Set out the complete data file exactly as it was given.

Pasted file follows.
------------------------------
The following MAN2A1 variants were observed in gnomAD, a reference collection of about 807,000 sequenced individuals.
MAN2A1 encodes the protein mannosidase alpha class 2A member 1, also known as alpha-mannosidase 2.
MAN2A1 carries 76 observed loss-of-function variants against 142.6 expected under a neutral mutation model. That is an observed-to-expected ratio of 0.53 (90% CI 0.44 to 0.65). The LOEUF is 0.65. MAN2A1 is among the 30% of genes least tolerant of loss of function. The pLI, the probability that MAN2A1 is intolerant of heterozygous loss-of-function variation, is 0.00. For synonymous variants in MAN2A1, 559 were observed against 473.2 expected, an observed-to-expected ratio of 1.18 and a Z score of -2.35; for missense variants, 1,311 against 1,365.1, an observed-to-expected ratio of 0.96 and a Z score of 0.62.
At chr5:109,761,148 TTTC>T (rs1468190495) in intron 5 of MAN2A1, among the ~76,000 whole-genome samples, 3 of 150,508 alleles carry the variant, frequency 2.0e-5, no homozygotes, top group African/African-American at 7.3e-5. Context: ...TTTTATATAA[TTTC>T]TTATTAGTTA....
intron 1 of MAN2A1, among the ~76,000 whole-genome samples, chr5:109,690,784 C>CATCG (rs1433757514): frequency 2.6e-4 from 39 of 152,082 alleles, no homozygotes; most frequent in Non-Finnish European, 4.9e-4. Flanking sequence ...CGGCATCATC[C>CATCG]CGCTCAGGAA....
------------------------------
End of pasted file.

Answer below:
The following MAN2A1 variants were observed in gnomAD, a reference collection of about 807,000 sequenced individuals.
MAN2A1 encodes the protein mannosidase alpha class 2A member 1, also known as alpha-mannosidase 2.
MAN2A1 carries 76 observed loss-of-function variants against 142.6 expected under a neutral mutation model. That is an observed-to-expected ratio of 0.53 (90% CI 0.44 to 0.65). The LOEUF is 0.65. MAN2A1 is among the 30% of genes least tolerant of loss of function. The pLI, the probability that MAN2A1 is intolerant of heterozygous loss-of-function variation, is 0.00. For synonymous variants in MAN2A1, 559 were observed against 473.2 expected, an observed-to-expected ratio of 1.18 and a Z score of -2.35; for missense variants, 1,311 against 1,365.1, an observed-to-expected ratio of 0.96 and a Z score of 0.62.
At chr5:109,761,148 TTTC>T (rs1468190495) in intron 5 of MAN2A1, among the ~76,000 whole-genome samples, 3 of 150,508 alleles carry the variant, frequency 2.0e-5, no homozygotes, top group African/African-American at 7.3e-5. Context: ...TTTTATATAA[TTTC>T]TTATTAGTTA....
intron 1 of MAN2A1, among the ~76,000 whole-genome samples, chr5:109,690,784 C>CATCG (rs1433757514): frequency 2.6e-4 from 39 of 152,082 alleles, no homozygotes; most frequent in Non-Finnish European, 4.9e-4. Flanking sequence ...CGGCATCATC[C>CATCG]CGCTCAGGAA....